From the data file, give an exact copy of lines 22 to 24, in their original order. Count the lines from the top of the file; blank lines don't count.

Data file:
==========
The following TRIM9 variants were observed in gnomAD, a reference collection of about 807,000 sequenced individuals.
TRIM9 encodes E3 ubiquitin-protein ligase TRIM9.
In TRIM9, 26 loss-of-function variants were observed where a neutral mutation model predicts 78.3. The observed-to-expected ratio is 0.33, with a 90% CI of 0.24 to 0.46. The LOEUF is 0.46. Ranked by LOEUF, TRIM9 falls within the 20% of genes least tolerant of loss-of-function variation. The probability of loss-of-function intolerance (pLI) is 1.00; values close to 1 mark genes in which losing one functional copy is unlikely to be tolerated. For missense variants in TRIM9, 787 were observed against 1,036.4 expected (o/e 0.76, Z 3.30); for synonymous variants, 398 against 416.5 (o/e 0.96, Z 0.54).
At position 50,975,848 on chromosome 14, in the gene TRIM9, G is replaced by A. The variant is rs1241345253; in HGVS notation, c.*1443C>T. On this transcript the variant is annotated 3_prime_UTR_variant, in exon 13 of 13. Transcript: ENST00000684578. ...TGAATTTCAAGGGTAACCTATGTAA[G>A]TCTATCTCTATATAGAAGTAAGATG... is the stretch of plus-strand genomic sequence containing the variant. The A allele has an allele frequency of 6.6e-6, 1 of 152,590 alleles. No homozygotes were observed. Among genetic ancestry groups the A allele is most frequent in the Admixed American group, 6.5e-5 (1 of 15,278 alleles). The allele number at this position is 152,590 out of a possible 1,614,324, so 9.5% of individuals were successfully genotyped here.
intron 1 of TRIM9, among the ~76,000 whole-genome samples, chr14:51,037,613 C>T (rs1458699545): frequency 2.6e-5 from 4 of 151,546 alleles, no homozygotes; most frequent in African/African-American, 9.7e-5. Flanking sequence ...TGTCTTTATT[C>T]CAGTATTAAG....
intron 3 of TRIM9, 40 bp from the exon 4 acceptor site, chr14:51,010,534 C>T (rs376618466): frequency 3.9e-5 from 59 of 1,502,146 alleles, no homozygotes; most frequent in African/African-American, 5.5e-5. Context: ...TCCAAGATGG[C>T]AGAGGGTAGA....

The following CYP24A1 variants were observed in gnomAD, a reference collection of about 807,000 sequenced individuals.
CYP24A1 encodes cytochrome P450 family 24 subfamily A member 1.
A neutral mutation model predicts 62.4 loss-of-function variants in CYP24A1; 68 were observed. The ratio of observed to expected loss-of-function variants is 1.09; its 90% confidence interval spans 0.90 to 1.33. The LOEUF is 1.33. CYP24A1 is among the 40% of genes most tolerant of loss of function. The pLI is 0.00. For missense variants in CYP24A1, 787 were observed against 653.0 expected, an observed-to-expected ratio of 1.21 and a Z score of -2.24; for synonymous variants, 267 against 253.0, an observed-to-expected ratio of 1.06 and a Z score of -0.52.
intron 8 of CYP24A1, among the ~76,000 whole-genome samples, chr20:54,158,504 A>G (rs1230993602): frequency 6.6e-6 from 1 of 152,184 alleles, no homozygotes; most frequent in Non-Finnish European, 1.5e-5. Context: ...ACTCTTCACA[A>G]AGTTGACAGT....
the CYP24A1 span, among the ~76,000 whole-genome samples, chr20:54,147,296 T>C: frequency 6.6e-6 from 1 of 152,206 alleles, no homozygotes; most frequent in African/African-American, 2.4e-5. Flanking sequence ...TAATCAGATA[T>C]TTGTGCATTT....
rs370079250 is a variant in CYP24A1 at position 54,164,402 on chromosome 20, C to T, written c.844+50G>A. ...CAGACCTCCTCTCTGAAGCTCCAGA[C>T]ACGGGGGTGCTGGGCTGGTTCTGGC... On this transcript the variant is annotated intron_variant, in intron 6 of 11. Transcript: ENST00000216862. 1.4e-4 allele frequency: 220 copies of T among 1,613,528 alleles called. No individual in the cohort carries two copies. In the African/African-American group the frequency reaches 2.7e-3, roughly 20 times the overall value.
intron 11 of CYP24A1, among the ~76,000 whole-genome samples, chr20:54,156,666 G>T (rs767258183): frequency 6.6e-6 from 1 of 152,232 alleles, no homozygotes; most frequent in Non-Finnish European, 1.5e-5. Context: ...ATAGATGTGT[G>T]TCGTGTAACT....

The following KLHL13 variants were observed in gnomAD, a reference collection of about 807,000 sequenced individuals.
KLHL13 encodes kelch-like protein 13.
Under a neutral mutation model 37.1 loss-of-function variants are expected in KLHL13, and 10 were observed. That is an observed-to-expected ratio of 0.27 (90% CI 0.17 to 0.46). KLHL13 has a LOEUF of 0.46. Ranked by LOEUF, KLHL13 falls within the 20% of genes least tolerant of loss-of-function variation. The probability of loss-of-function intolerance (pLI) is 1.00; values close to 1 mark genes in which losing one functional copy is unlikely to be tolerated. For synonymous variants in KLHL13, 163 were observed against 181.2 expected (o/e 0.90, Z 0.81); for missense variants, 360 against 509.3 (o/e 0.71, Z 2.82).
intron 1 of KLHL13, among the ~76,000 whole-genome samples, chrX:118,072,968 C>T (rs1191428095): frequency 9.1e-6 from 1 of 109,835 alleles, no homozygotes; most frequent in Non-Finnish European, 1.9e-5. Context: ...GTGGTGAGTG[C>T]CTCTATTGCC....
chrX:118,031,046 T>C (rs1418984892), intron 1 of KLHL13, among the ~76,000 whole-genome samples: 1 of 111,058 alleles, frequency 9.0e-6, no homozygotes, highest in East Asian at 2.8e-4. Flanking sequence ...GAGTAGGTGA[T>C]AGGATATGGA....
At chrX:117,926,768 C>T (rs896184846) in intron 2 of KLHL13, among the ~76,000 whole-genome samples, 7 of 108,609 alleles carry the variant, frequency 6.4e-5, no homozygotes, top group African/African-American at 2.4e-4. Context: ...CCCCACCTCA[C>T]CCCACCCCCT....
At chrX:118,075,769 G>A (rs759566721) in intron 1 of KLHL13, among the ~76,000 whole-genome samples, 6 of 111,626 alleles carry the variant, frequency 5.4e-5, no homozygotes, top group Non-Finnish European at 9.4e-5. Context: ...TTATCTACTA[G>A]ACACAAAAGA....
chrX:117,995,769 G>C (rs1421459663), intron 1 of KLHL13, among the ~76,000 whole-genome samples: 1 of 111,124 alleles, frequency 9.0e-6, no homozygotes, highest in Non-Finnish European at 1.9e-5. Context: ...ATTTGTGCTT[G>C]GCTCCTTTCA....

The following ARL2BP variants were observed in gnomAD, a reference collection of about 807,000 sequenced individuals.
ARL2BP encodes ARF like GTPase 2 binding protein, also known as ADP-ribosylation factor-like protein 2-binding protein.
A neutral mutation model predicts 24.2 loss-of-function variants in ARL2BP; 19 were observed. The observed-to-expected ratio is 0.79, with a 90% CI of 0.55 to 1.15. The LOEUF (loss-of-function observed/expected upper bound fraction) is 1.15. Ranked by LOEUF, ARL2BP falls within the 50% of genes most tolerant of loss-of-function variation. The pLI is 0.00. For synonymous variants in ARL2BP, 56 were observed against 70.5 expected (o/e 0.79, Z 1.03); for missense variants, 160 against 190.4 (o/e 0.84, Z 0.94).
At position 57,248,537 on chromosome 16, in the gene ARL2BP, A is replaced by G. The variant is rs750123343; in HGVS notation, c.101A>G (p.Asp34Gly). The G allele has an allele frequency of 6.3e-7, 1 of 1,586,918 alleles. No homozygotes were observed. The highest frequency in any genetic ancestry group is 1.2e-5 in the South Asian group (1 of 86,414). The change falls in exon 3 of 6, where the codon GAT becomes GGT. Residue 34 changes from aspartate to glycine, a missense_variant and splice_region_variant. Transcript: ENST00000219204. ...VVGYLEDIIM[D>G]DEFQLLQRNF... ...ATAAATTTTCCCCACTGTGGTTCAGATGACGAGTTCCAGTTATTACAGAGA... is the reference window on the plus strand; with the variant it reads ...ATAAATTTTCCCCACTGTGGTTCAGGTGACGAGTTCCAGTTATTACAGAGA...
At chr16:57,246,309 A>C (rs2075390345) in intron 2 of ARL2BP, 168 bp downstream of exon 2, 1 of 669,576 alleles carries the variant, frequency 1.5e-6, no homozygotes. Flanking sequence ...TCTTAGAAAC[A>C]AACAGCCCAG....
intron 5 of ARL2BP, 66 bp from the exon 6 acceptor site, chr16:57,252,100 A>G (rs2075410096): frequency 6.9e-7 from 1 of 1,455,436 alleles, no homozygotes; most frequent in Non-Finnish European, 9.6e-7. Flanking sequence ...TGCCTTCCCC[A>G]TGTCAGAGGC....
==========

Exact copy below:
The following ARL2BP variants were observed in gnomAD, a reference collection of about 807,000 sequenced individuals.
ARL2BP encodes ARF like GTPase 2 binding protein, also known as ADP-ribosylation factor-like protein 2-binding protein.
A neutral mutation model predicts 24.2 loss-of-function variants in ARL2BP; 19 were observed. The observed-to-expected ratio is 0.79, with a 90% CI of 0.55 to 1.15. The LOEUF (loss-of-function observed/expected upper bound fraction) is 1.15. Ranked by LOEUF, ARL2BP falls within the 50% of genes most tolerant of loss-of-function variation. The pLI is 0.00. For synonymous variants in ARL2BP, 56 were observed against 70.5 expected (o/e 0.79, Z 1.03); for missense variants, 160 against 190.4 (o/e 0.84, Z 0.94).